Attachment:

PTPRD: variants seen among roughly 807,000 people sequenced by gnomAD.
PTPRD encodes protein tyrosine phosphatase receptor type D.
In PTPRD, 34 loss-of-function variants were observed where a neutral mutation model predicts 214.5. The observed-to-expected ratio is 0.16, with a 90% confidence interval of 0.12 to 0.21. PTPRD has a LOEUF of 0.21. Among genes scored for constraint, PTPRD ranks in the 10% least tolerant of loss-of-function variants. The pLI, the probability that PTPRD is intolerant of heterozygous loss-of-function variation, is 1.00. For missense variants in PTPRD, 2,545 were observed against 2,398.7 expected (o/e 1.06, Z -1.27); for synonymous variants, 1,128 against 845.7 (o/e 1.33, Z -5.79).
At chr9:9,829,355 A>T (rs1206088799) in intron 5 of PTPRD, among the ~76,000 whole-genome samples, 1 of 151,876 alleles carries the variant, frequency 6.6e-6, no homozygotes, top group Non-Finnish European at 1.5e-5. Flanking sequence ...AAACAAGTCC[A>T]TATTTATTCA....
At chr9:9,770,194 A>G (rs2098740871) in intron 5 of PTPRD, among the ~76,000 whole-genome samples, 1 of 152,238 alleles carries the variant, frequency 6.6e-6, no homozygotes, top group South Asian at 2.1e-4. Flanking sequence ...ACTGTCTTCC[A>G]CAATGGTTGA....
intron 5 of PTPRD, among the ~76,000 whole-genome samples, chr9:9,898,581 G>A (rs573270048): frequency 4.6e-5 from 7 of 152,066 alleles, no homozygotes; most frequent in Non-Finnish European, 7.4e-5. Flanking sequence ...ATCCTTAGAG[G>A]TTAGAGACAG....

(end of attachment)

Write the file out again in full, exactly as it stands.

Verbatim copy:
PTPRD: variants seen among roughly 807,000 people sequenced by gnomAD.
PTPRD encodes protein tyrosine phosphatase receptor type D.
In PTPRD, 34 loss-of-function variants were observed where a neutral mutation model predicts 214.5. The observed-to-expected ratio is 0.16, with a 90% confidence interval of 0.12 to 0.21. PTPRD has a LOEUF of 0.21. Among genes scored for constraint, PTPRD ranks in the 10% least tolerant of loss-of-function variants. The pLI, the probability that PTPRD is intolerant of heterozygous loss-of-function variation, is 1.00. For missense variants in PTPRD, 2,545 were observed against 2,398.7 expected (o/e 1.06, Z -1.27); for synonymous variants, 1,128 against 845.7 (o/e 1.33, Z -5.79).
At chr9:9,829,355 A>T (rs1206088799) in intron 5 of PTPRD, among the ~76,000 whole-genome samples, 1 of 151,876 alleles carries the variant, frequency 6.6e-6, no homozygotes, top group Non-Finnish European at 1.5e-5. Flanking sequence ...AAACAAGTCC[A>T]TATTTATTCA....
At chr9:9,770,194 A>G (rs2098740871) in intron 5 of PTPRD, among the ~76,000 whole-genome samples, 1 of 152,238 alleles carries the variant, frequency 6.6e-6, no homozygotes, top group South Asian at 2.1e-4. Flanking sequence ...ACTGTCTTCC[A>G]CAATGGTTGA....
intron 5 of PTPRD, among the ~76,000 whole-genome samples, chr9:9,898,581 G>A (rs573270048): frequency 4.6e-5 from 7 of 152,066 alleles, no homozygotes; most frequent in Non-Finnish European, 7.4e-5. Flanking sequence ...ATCCTTAGAG[G>A]TTAGAGACAG....